Docudrama depicting the life and times of the most flamboyant and colourful Renaissance artist of all. Raffaello Sanzio da Urbino, known as Raphael, was an Italian painter and architect of the High Renaissance. His work is admired for its clarity of form, ease of composition, and visual achievement of the Neoplatonic ideal of human grandeur. The programme concentrated on the angelic reputation of this often misunderstood painter. The reality was that he was a freakishly precocious firebrand who was resented by most of his contemporaries, it was an every day story of lust, ambition and a romantically early death.

Filthy Cities Episode 3 Industrial New York

Dan Snow gets down and dirty in the murky histories of London, Paris and New York, exploring their filthy histories from the bottom up. Imagine having to dodge the contents of emptied bedpans or step over rotting corpses on the way to work. That was a reality of city life before technology, public policy, and public values began to focus on the effects of poor sanitation. In this immersive three part series, sophisticated computer animation and in depth scholarship bring history’s struggles with urban filth vividly to life. Episode 3 Industrial New York – Dan Snow travels back to a seething Manhattan in the throes of the industrial revolution. Dan succumbs to some of the deadly disease carrying parasites that thrived in the filthy, overcrowded tenement buildings. He has a go at cooking with some cutting edge 19th century ingredients, clothes dye and floor cleaner, added to disguise reeking fetid meat. And he marvels at some of the incredible feats of engineering that transformed not just the city, but the world.

The Curse of Oil Episode 1 Rich and Poor

Three part series that goes exploring the world’s oil producing regions, beyond the familiar territory of the Middle East. Unlike other documentaries that are full of gloomy predictions of perishable reserves of oil. Bill Cran’s series takes the view that there are ample supplies of oil, the problem is that most of it lies in the wrong places. Requiring the first world to deal with nasty governments or destroying the wilderness. But the relationship between oil companies, consumers and those who live where the oil is extracted is changing very rapidly. It is becoming possible for native populations to obstruct oil companies. The series concludes there are no easy answers. Episode 1 Rich and Poor – An exploration of how “black gold” has been the cause of much misery and destruction. Evidence from Angola and Ecuador suggests massive environmental damage has been done, while the people who live in oil rich countries are among the last to benefit. The programme also highlights how one of the biggest companies could be facing a 6 billion lawsuit that could radically change the face of the business.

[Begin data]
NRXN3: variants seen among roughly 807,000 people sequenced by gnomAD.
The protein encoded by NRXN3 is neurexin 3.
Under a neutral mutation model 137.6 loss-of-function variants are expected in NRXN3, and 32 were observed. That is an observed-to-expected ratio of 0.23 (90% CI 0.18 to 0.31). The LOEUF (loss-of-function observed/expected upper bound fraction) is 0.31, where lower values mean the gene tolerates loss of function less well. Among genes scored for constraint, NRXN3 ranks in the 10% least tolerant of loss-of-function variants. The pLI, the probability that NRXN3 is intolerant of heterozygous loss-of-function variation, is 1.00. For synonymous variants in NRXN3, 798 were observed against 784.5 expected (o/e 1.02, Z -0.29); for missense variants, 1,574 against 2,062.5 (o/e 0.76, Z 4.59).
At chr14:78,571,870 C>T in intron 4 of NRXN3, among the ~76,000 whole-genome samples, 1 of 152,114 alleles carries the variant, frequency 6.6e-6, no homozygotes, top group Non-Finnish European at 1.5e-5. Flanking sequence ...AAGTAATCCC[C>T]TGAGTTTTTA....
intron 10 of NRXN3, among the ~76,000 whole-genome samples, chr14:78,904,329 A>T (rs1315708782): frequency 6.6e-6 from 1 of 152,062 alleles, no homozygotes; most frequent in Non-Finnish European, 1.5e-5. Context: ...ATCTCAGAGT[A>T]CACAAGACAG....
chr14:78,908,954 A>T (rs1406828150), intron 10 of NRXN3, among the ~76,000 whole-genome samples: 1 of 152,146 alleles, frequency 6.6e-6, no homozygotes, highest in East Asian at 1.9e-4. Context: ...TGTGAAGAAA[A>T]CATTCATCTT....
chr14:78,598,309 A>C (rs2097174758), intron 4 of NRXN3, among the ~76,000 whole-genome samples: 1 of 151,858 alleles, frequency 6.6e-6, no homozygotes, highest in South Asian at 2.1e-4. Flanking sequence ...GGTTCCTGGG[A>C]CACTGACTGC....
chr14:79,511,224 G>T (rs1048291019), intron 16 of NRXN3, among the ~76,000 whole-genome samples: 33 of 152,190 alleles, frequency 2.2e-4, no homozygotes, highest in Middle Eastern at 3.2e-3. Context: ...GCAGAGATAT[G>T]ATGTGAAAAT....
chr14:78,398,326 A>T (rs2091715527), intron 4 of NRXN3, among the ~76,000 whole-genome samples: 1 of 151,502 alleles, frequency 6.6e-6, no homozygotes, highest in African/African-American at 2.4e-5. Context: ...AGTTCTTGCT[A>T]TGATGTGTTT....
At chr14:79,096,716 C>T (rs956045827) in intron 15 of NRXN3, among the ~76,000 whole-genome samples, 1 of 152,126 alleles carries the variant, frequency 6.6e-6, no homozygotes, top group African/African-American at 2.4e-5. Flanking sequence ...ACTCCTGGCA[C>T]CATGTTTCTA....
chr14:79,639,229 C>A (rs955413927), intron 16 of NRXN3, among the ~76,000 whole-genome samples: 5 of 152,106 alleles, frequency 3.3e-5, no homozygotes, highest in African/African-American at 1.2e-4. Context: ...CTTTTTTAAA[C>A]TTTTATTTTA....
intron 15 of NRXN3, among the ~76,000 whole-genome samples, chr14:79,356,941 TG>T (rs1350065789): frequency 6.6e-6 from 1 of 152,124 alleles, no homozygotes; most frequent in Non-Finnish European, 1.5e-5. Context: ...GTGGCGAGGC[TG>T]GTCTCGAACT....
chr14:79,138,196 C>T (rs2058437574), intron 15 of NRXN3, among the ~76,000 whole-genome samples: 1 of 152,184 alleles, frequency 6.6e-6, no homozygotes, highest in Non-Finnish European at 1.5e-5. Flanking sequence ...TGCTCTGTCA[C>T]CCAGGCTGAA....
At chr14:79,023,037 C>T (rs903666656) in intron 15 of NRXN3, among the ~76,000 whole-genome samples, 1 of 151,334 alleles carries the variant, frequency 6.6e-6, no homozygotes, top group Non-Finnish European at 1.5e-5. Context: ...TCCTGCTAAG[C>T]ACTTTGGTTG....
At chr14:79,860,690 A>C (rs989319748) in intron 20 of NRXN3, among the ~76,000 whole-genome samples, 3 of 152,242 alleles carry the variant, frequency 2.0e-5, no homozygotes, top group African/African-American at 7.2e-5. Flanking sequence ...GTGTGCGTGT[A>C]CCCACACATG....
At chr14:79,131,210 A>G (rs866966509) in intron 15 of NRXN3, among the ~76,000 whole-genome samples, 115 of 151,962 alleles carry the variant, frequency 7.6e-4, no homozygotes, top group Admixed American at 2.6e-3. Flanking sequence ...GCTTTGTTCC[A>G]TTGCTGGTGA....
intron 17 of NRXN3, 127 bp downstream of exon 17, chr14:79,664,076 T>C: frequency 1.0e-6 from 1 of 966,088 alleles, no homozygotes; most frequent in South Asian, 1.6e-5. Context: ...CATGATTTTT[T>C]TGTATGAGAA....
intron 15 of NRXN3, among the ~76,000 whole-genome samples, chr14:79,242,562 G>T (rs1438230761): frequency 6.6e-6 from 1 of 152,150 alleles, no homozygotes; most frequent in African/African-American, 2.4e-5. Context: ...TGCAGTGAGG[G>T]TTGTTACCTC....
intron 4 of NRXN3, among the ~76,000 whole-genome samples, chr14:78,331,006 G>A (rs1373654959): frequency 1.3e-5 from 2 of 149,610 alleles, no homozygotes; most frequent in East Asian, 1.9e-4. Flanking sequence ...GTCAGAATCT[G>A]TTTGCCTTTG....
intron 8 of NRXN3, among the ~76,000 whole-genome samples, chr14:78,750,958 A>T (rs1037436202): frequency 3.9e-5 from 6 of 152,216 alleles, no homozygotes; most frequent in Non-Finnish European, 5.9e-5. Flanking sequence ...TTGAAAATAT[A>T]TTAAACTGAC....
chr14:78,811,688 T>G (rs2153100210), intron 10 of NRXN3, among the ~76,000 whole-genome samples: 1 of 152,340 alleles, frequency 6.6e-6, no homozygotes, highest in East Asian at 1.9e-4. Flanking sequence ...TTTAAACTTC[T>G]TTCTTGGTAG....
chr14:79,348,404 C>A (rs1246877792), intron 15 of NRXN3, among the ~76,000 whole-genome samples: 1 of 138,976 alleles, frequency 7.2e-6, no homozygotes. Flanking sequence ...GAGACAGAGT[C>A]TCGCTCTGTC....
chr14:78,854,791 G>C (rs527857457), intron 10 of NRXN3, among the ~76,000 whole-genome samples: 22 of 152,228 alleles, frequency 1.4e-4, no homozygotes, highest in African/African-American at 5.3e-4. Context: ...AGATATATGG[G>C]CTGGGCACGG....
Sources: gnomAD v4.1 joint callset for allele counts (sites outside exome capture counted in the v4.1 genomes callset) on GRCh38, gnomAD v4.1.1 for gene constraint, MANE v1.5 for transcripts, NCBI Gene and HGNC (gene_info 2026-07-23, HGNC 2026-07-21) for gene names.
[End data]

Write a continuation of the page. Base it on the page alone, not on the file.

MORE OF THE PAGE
Alexander’s Greatest Battle

Michael Wood travels through Syria and Iraq to uncover the story of Alexander the Great’s decisive battle against the might of the Persian Empire in 331 B.C.. Ancient writers agreed that it was fought somewhere near the city of Irbil in northern Iraq, but the exact location has never been discovered. Using dramatic new finds in the UK a cuneiform clay tablet in the British Museum and a papyrus dug up in Egypt Michael sheds new light on the course of events.

The History of God

Based on the best selling book by Karen Armstrong, A History of God descents into the ancient roots of Abrahamic religions and analyses today’s three major monotheistic religions Judaism, Christianity and Islam. This searching, profound comparative history of the three major monotheistic faiths fearlessly illuminates the sociopolitical ground in which religious ideas take root, blossom and mutate. Armstrong also acknowledges that the idea of a personal God can be dangerous, encouraging us to judge, condemn and marginalize others.

American Experience Dinosaur Wars

In the late 19th century, paleontologists Edward Cope and O.C. Marsh uncovered the remains of hundreds of prehistoric animals in the American West, including dozens of previously undiscovered dinosaur species. In the summer of 1868, paleontologist Othniel Charles Marsh boarded a Union Pacific train for a sight-seeing excursion through the heart of the newly-opened American West. While most passengers simply saw magnificent landscapes, Marsh soon realized he was traveling through the greatest dinosaur burial ground of all time. Ruthless, jealous and insanely competitive, Marsh would wrestle over the discovery with the other leading paleontologist of his generation, Edward Drinker Cope. Over time, the two rivals would uncover the remains of dozens of prehistoric animals, including over 130 dinosaur species, collect thousands of specimens, provide ample evidence to prove Charles Darwin’s hotly disputed theory of evolution and put American science on the world stage. But their professional rivalry eventually spiraled out of control. What began with denigrating comments in scientific publications led to espionage, the destruction of fossils and political maneuvering that ultimately left both men alone and almost penniless.